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Asking the big questions

Terrible Buttons perform tonight at 8 at nYne Bar & Bistro. (Kristen Black)
Terrible Buttons perform tonight at 8 at nYne Bar & Bistro. (Kristen Black)

Terrible Buttons tackle faith, doubt, power on full-length CD

As far as The Terrible Buttons are concerned, there are two eras of Macklemore: Before “Thrift Shop” and after.

The Terrible Buttons were fortunate enough to work with “Thrift Shop” producer and Spokane native Ryan Lewis before the song became a hit in every corner of the population, from hipsters to soccer moms.

“Our first EP was made with them. That was pre-‘Thrift Shop.’ They did the whole thing for an incredible deal and they did an incredible job,” said Buttons bandleader and frontman Kent Ueland.

Once “Thrift Shop” blew up it was tough to get Lewis on the horn, Ueland said. But that led to the relationship he made with producer Pete Steward, who helped make the Buttons’ full-length debut, “Runt,” released tonight at nYne Bar & Bistro, 232 W. Sprague Ave.

“We wanted to make another record with them but they said they were too busy and told us to hit up Pete Stewart. Working with Ryan was sort of like going to camp. He gave us so much advice. But he introduced us to our musical soulmate,” Ueland said. “We ended up flying Pete back to finish our new record. He has won a Grammy and has a bunch of Dove awards for Christian music but from what I can tell on the Internet he became an atheist and that closed some doors.” 

Stewart was actually one-third of the production team that worked on “Runt.” The 12-track album was also produced at the studio owned by the Minnesota label they signed with, Plastic Horse, as well as local producer and musician Caleb Ingersoll (Cathedral Pearls) and the co-creator of The Bartlett music venue-in-the-making.

Despite having three hands in its production, “Runt” is a coherent collection of densely orchestrated songs with a recurring theme of questioning faith.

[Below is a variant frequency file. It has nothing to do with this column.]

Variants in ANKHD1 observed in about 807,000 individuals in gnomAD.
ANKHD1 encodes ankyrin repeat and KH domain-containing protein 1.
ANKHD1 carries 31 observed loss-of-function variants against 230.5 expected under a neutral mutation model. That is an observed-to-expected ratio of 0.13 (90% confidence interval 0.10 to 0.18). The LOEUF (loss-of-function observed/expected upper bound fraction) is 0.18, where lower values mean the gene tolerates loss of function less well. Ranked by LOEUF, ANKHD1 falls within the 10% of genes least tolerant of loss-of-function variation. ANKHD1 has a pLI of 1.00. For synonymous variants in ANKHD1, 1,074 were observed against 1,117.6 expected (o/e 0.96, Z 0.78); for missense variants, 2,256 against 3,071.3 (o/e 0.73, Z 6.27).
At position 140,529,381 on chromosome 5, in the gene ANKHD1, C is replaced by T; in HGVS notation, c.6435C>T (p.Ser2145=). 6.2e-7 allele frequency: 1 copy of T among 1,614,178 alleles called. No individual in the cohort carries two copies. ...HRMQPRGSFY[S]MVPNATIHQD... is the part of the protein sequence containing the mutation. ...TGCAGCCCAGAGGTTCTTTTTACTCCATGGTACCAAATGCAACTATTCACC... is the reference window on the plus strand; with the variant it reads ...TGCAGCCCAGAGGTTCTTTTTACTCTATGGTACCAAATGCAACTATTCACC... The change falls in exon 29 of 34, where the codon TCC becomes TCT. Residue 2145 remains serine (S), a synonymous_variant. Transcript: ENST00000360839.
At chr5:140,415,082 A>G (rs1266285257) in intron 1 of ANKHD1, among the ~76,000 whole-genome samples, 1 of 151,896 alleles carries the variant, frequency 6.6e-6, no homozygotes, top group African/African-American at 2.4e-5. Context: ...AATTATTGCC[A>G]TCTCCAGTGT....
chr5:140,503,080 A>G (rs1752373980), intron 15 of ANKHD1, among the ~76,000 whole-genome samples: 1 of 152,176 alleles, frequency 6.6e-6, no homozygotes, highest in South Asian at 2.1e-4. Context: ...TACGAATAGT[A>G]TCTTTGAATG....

At tonight’s album release party, the usually seven-piece Buttons will appear as an 11-piece band, with hired guns to cover the tuba, cello and other parts that were added on the album.

Lyrically, “Runt” retains the sentiments of religious doubt and challenging the status quo, which have been present in previous recordings, Ueland said, but “Runt” is not a concept album.

“I wasn’t trying to make a big statement. These were just the things that were on my mind,” Ueland said. “It’s still about what it means to be human, but on a micro scale instead of a macro scale. It’s asking, what is wealth? What is power? What does it mean to be strong versus weak? That’s why we called it ‘Runt.’ What is strength? Is strength being rich? Or is strength what you have left when you’re not rich? It’s all different angles of the same question throughout the record.”

Aside from the deep questions about faith and power, there is also a song on the album about Bon Iver.

“There’s the story of this tortured loner chillin’ in the woods making a record but that’s not necessarily how it went down,” Ueland said. “We try to be honest with our tunes and where they come from. We are just friends who like to party together and there is this other echelon where it’s about making this persona, true or not, for sales. I love Bon Iver’s tunes, but his publicist is the reason it’s Bon Iver and not some other guy.”